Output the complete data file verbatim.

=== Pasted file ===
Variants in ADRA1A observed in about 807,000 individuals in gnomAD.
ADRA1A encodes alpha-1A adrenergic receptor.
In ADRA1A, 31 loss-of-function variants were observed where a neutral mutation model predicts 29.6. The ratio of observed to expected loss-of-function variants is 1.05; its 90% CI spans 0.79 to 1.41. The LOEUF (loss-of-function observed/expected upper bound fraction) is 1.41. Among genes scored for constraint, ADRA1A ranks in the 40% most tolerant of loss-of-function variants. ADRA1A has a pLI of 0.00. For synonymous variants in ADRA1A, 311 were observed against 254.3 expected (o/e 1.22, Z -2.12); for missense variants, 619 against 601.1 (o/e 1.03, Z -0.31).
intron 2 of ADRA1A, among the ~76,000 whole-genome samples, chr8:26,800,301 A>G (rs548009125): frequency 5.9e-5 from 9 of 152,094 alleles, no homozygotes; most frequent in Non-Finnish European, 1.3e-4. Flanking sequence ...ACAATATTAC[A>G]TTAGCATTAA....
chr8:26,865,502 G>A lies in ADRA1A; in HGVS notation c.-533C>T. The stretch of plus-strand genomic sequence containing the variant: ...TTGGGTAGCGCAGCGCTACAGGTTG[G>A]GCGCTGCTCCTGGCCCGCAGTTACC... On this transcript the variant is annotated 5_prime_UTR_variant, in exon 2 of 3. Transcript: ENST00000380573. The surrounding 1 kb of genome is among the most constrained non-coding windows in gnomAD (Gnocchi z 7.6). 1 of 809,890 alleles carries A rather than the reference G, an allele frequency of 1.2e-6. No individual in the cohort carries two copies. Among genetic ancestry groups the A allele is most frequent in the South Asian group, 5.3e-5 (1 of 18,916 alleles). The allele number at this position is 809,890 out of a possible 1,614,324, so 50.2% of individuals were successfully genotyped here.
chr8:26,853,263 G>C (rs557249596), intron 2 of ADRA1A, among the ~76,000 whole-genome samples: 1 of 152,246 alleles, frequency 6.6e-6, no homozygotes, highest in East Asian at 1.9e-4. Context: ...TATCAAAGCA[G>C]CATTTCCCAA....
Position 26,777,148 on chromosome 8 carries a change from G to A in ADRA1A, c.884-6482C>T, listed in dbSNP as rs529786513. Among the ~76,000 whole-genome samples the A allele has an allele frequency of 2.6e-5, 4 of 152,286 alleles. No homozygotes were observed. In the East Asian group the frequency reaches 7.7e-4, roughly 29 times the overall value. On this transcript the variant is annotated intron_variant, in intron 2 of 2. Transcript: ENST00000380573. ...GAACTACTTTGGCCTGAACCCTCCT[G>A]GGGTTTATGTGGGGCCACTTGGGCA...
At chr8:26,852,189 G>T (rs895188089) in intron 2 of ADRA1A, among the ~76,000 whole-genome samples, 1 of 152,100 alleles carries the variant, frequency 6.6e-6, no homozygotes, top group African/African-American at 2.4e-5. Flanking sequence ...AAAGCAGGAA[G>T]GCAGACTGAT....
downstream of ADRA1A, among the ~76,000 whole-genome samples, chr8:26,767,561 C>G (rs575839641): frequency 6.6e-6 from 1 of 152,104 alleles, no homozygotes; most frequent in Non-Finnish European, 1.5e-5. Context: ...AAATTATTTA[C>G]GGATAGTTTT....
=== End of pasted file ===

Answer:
Variants in ADRA1A observed in about 807,000 individuals in gnomAD.
ADRA1A encodes alpha-1A adrenergic receptor.
In ADRA1A, 31 loss-of-function variants were observed where a neutral mutation model predicts 29.6. The ratio of observed to expected loss-of-function variants is 1.05; its 90% CI spans 0.79 to 1.41. The LOEUF (loss-of-function observed/expected upper bound fraction) is 1.41. Among genes scored for constraint, ADRA1A ranks in the 40% most tolerant of loss-of-function variants. ADRA1A has a pLI of 0.00. For synonymous variants in ADRA1A, 311 were observed against 254.3 expected (o/e 1.22, Z -2.12); for missense variants, 619 against 601.1 (o/e 1.03, Z -0.31).
intron 2 of ADRA1A, among the ~76,000 whole-genome samples, chr8:26,800,301 A>G (rs548009125): frequency 5.9e-5 from 9 of 152,094 alleles, no homozygotes; most frequent in Non-Finnish European, 1.3e-4. Flanking sequence ...ACAATATTAC[A>G]TTAGCATTAA....
chr8:26,865,502 G>A lies in ADRA1A; in HGVS notation c.-533C>T. The stretch of plus-strand genomic sequence containing the variant: ...TTGGGTAGCGCAGCGCTACAGGTTG[G>A]GCGCTGCTCCTGGCCCGCAGTTACC... On this transcript the variant is annotated 5_prime_UTR_variant, in exon 2 of 3. Transcript: ENST00000380573. The surrounding 1 kb of genome is among the most constrained non-coding windows in gnomAD (Gnocchi z 7.6). 1 of 809,890 alleles carries A rather than the reference G, an allele frequency of 1.2e-6. No individual in the cohort carries two copies. Among genetic ancestry groups the A allele is most frequent in the South Asian group, 5.3e-5 (1 of 18,916 alleles). The allele number at this position is 809,890 out of a possible 1,614,324, so 50.2% of individuals were successfully genotyped here.
chr8:26,853,263 G>C (rs557249596), intron 2 of ADRA1A, among the ~76,000 whole-genome samples: 1 of 152,246 alleles, frequency 6.6e-6, no homozygotes, highest in East Asian at 1.9e-4. Context: ...TATCAAAGCA[G>C]CATTTCCCAA....
Position 26,777,148 on chromosome 8 carries a change from G to A in ADRA1A, c.884-6482C>T, listed in dbSNP as rs529786513. Among the ~76,000 whole-genome samples the A allele has an allele frequency of 2.6e-5, 4 of 152,286 alleles. No homozygotes were observed. In the East Asian group the frequency reaches 7.7e-4, roughly 29 times the overall value. On this transcript the variant is annotated intron_variant, in intron 2 of 2. Transcript: ENST00000380573. ...GAACTACTTTGGCCTGAACCCTCCT[G>A]GGGTTTATGTGGGGCCACTTGGGCA...
At chr8:26,852,189 G>T (rs895188089) in intron 2 of ADRA1A, among the ~76,000 whole-genome samples, 1 of 152,100 alleles carries the variant, frequency 6.6e-6, no homozygotes, top group African/African-American at 2.4e-5. Flanking sequence ...AAAGCAGGAA[G>T]GCAGACTGAT....
downstream of ADRA1A, among the ~76,000 whole-genome samples, chr8:26,767,561 C>G (rs575839641): frequency 6.6e-6 from 1 of 152,104 alleles, no homozygotes; most frequent in Non-Finnish European, 1.5e-5. Context: ...AAATTATTTA[C>G]GGATAGTTTT....